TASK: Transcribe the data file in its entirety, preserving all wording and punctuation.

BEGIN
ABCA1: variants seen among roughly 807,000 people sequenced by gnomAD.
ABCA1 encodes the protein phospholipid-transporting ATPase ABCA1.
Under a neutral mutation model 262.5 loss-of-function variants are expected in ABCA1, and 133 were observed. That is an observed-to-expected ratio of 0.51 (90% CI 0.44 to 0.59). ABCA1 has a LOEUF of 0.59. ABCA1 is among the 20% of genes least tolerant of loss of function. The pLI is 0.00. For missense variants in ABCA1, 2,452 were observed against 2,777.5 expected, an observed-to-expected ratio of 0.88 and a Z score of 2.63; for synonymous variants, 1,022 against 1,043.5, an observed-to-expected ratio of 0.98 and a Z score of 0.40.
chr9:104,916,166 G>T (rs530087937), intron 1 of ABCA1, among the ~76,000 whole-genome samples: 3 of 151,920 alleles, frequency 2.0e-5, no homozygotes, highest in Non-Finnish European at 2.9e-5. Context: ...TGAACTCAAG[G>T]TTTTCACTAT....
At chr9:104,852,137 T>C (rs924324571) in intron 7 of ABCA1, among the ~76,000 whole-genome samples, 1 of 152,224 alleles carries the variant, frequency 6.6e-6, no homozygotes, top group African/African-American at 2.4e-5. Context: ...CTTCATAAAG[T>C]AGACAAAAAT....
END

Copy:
ABCA1: variants seen among roughly 807,000 people sequenced by gnomAD.
ABCA1 encodes the protein phospholipid-transporting ATPase ABCA1.
Under a neutral mutation model 262.5 loss-of-function variants are expected in ABCA1, and 133 were observed. That is an observed-to-expected ratio of 0.51 (90% CI 0.44 to 0.59). ABCA1 has a LOEUF of 0.59. ABCA1 is among the 20% of genes least tolerant of loss of function. The pLI is 0.00. For missense variants in ABCA1, 2,452 were observed against 2,777.5 expected, an observed-to-expected ratio of 0.88 and a Z score of 2.63; for synonymous variants, 1,022 against 1,043.5, an observed-to-expected ratio of 0.98 and a Z score of 0.40.
chr9:104,916,166 G>T (rs530087937), intron 1 of ABCA1, among the ~76,000 whole-genome samples: 3 of 151,920 alleles, frequency 2.0e-5, no homozygotes, highest in Non-Finnish European at 2.9e-5. Context: ...TGAACTCAAG[G>T]TTTTCACTAT....
At chr9:104,852,137 T>C (rs924324571) in intron 7 of ABCA1, among the ~76,000 whole-genome samples, 1 of 152,224 alleles carries the variant, frequency 6.6e-6, no homozygotes, top group African/African-American at 2.4e-5. Context: ...CTTCATAAAG[T>C]AGACAAAAAT....